I can’t make it to Eistnaflug this year, but as the festival approaches, my thoughts wander to East Iceland. The tiny town of Eistnaflug has one record store – it’s a pretty good one, especially considering the size and isolation of the town. Upstairs is an apartment where press stays during the festival. I got to pass for press the first time I attended the festival, and met quite a few writers whose work I follow and respect, as well as some folks from record labels that have absorbed significant funds from my bank account over the years. I am quite fond of this little metal building in a remote Nordic fjord.
The first time I went to Iceland’s Blue Lagoon was during Airwaves 2012. I entered on a press pass and listened to DJs while I soaked in the milky blue water, surrounded by lava rock. It was so cold and windy that day they couldn’t keep the water warm enough, but I stuck it out long enough to get a drink from the swim-up bar and experience each of the pool’s special features – waterfall, sauna, silica face mask. I concluded the Blue Lagoon was cool, but overpriced and over-hyped. Despite the pretty setting, the difference from normal Icelandic swimming pools didn’t justify the price.
Still, when I brought my whole family to Iceland this April, it felt obligatory. And now I’ve had to rethink my opinion. Continue reading
Hard to believe this little town is home to Iceland’s biggest heavy metal festival, isn’t it?
I’ve been there twice now, both times for the festival, and I marvel at how well the locals handle the influx of corpse-painted drunkards. (The festival mantra “No idiots allowed” is partly responsible, I’m sure.) One of these days, I’m going to visit on a normal day and get to know these easy-going hosts.
I was disappointed when I found out that we don’t have to go to Iceland to see puffins because we have puffins at home, too. But I was tickled to see creeping thyme, the plant I fill cracks in my patio with, growing wild on the shores of a glacier lagoon in Iceland. The exact same plant, so far from home. How far this humble herb has crept.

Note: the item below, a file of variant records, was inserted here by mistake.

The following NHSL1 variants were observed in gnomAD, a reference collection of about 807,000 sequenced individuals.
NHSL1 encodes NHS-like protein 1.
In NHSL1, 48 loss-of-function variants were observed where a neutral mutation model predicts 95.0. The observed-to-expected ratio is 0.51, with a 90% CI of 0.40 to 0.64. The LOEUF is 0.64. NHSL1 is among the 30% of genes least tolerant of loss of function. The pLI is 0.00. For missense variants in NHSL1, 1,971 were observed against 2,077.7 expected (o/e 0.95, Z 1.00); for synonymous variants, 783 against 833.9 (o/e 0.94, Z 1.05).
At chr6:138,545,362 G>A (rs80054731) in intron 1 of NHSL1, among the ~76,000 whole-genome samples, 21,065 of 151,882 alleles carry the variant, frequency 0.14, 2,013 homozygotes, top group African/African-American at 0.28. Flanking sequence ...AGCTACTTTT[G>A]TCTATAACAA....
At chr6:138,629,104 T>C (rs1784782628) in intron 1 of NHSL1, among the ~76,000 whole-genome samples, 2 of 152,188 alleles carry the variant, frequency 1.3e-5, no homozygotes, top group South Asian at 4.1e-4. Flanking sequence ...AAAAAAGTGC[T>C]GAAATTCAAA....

Here’s what a glacier looks like when shot from a vehicle speeding down the highway. The car moves faster, but the ice is moving, too. It’s flow is just a little slower, but no less powerful for that.
FIDELITY by D H Lawrence
Fidelity and love are two different things, like a flower
and a gem.
And love, like a flower, will fade, will change into some-
or it would not be flowery.
O flowers they fade because they are moving swiftly; a
little torrent of life
leaps up to the summit of the stem, gleams, turns over
round the bend
of the parabola of curved flight,
sinks, and is gone, like a comet curving into the invisible.
O flowers they are all the time travelling
like comets, and they come into our ken
for a day, for two days, and withdraw, slowly vanish again.
And we, we must take them on the wind, and let them go.
Embalmed flowers are not flowers, immortelles are not
flowers are just a motion, a swift motion, a coloured
that is their loveliness. And that is love.
But a gem is different. It lasts so much longer than we do
so much much much longer
that it seems to last forever.
Yet we know it is flowing away
as flowers are, and we are, only slower.
The wonderful slow flowing of the sapphire!
All flows, and every flow is related to every other flow.
Flowers and sapphires and us, diversely streaming.
In the old days, when sapphires were breathed upon and
during the wild orgasms of chaos
time was much slower, when the rocks came forth.
It took aeons to make a sapphire, aeons for it to pass away.
And a flower it takes a summer.
And man and woman are like the earth, that brings forth
in summer, and love, but underneath is rock.
Older than flowers, older than ferns, older than fora-
older than plasm altogether is the soul of a man under-
And when, throughout all the wild orgasms of love
slowly a gem forms, in the ancient, once-more molten
of two human hearts, two ancient rocks, a man’s heart
and a woman’s,
that is the crystal of peace, the slow hard jewel of trust,
the sapphire of fidelity.
The gem of mutual peace emerging from the wild chaos of love.
Maybe D.H. Lawrence is the reason I saw a heart in the ice?
Iceland’s moss fields are not quite so famous – or so awe-inspiring – as it’s lava fields or volcanoes. But they are quite remarkable. The moss is the first thing that grows in the soil that forms from eroding lava rock. Even though it looks invitingly springy to walk on, it can take years for the moss to regrow from a single footprint. Iceland’s moss is like the new downy hair on a baby’s head – and you wouldn’t step on that, would you?